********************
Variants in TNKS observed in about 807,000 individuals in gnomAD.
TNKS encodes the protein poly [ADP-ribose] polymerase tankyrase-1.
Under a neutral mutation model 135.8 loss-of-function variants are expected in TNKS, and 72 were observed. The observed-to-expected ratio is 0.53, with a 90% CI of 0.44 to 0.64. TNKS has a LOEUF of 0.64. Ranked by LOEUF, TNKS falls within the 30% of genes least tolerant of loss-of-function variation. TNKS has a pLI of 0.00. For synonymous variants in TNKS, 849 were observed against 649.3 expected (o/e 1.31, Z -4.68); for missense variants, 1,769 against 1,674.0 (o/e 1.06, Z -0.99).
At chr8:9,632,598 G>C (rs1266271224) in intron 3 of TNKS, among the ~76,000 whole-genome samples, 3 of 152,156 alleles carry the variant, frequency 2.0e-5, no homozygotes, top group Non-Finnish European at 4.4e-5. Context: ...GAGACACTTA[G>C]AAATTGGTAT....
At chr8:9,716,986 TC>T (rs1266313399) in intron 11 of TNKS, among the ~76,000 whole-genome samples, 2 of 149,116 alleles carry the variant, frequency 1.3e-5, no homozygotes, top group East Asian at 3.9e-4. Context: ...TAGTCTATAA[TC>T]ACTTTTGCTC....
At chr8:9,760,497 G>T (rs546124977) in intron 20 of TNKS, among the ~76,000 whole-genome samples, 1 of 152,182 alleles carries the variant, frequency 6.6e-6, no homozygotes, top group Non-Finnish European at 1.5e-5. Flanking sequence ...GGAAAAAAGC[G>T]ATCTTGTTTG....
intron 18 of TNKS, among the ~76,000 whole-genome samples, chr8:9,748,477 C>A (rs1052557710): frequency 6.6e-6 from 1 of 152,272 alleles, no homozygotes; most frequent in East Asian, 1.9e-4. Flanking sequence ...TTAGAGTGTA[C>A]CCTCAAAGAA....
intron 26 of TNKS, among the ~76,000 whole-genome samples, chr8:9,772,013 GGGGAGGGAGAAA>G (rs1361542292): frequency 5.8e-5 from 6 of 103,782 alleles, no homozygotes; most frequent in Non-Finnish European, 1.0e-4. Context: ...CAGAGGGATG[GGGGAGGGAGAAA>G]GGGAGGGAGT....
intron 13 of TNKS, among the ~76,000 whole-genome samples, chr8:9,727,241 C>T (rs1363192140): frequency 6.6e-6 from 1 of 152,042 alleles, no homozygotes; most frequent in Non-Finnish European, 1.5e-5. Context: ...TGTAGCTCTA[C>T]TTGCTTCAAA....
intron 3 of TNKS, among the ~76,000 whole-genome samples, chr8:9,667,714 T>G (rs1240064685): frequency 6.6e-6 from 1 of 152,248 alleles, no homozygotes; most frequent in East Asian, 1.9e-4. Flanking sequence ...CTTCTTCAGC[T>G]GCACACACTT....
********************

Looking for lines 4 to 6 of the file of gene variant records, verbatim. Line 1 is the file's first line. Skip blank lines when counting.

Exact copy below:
At chr8:9,632,598 G>C (rs1266271224) in intron 3 of TNKS, among the ~76,000 whole-genome samples, 3 of 152,156 alleles carry the variant, frequency 2.0e-5, no homozygotes, top group Non-Finnish European at 4.4e-5. Context: ...GAGACACTTA[G>C]AAATTGGTAT....
At chr8:9,716,986 TC>T (rs1266313399) in intron 11 of TNKS, among the ~76,000 whole-genome samples, 2 of 149,116 alleles carry the variant, frequency 1.3e-5, no homozygotes, top group East Asian at 3.9e-4. Context: ...TAGTCTATAA[TC>T]ACTTTTGCTC....
At chr8:9,760,497 G>T (rs546124977) in intron 20 of TNKS, among the ~76,000 whole-genome samples, 1 of 152,182 alleles carries the variant, frequency 6.6e-6, no homozygotes, top group Non-Finnish European at 1.5e-5. Flanking sequence ...GGAAAAAAGC[G>T]ATCTTGTTTG....